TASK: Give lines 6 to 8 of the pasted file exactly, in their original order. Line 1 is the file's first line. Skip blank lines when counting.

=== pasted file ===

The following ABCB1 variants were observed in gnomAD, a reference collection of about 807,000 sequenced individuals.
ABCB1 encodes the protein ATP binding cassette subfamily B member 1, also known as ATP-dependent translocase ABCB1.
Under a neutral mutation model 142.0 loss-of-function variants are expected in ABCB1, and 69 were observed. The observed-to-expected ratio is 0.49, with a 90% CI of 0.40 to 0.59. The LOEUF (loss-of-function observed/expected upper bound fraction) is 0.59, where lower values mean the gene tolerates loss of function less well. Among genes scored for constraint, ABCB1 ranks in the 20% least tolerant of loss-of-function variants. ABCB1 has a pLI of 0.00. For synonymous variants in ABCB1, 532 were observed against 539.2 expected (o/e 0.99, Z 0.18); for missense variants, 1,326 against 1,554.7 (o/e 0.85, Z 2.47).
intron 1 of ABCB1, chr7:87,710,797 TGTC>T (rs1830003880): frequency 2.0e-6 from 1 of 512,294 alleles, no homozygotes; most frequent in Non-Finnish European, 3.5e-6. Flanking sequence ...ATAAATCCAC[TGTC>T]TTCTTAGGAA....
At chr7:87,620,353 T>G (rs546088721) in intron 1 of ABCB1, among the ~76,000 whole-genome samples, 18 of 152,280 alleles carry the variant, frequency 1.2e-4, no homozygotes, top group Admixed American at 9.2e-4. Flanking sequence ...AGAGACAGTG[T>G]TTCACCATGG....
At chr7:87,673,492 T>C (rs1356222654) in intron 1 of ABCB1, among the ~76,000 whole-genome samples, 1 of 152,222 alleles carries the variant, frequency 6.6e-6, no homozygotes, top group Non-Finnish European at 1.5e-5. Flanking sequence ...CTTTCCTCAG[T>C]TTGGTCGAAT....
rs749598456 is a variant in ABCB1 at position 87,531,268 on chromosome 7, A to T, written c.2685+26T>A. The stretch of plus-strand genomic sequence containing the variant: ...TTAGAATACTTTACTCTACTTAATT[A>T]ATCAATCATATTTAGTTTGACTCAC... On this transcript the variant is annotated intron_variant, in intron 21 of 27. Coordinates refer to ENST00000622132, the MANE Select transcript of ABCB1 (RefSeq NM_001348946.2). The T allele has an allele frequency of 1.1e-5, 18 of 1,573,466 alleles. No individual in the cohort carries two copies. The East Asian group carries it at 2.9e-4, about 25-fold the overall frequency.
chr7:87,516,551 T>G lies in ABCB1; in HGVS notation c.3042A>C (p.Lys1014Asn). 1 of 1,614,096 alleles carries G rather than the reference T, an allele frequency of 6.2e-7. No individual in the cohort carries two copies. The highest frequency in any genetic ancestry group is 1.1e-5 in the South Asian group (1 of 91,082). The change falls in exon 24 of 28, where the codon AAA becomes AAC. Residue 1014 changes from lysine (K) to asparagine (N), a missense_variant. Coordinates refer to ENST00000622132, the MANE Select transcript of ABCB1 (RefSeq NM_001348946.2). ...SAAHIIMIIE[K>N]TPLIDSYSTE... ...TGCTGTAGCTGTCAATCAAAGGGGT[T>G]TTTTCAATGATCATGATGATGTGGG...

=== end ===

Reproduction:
At chr7:87,673,492 T>C (rs1356222654) in intron 1 of ABCB1, among the ~76,000 whole-genome samples, 1 of 152,222 alleles carries the variant, frequency 6.6e-6, no homozygotes, top group Non-Finnish European at 1.5e-5. Flanking sequence ...CTTTCCTCAG[T>C]TTGGTCGAAT....
rs749598456 is a variant in ABCB1 at position 87,531,268 on chromosome 7, A to T, written c.2685+26T>A. The stretch of plus-strand genomic sequence containing the variant: ...TTAGAATACTTTACTCTACTTAATT[A>T]ATCAATCATATTTAGTTTGACTCAC... On this transcript the variant is annotated intron_variant, in intron 21 of 27. Coordinates refer to ENST00000622132, the MANE Select transcript of ABCB1 (RefSeq NM_001348946.2). The T allele has an allele frequency of 1.1e-5, 18 of 1,573,466 alleles. No individual in the cohort carries two copies. The East Asian group carries it at 2.9e-4, about 25-fold the overall frequency.
chr7:87,516,551 T>G lies in ABCB1; in HGVS notation c.3042A>C (p.Lys1014Asn). 1 of 1,614,096 alleles carries G rather than the reference T, an allele frequency of 6.2e-7. No individual in the cohort carries two copies. The highest frequency in any genetic ancestry group is 1.1e-5 in the South Asian group (1 of 91,082). The change falls in exon 24 of 28, where the codon AAA becomes AAC. Residue 1014 changes from lysine (K) to asparagine (N), a missense_variant. Coordinates refer to ENST00000622132, the MANE Select transcript of ABCB1 (RefSeq NM_001348946.2). ...SAAHIIMIIE[K>N]TPLIDSYSTE... ...TGCTGTAGCTGTCAATCAAAGGGGT[T>G]TTTTCAATGATCATGATGATGTGGG...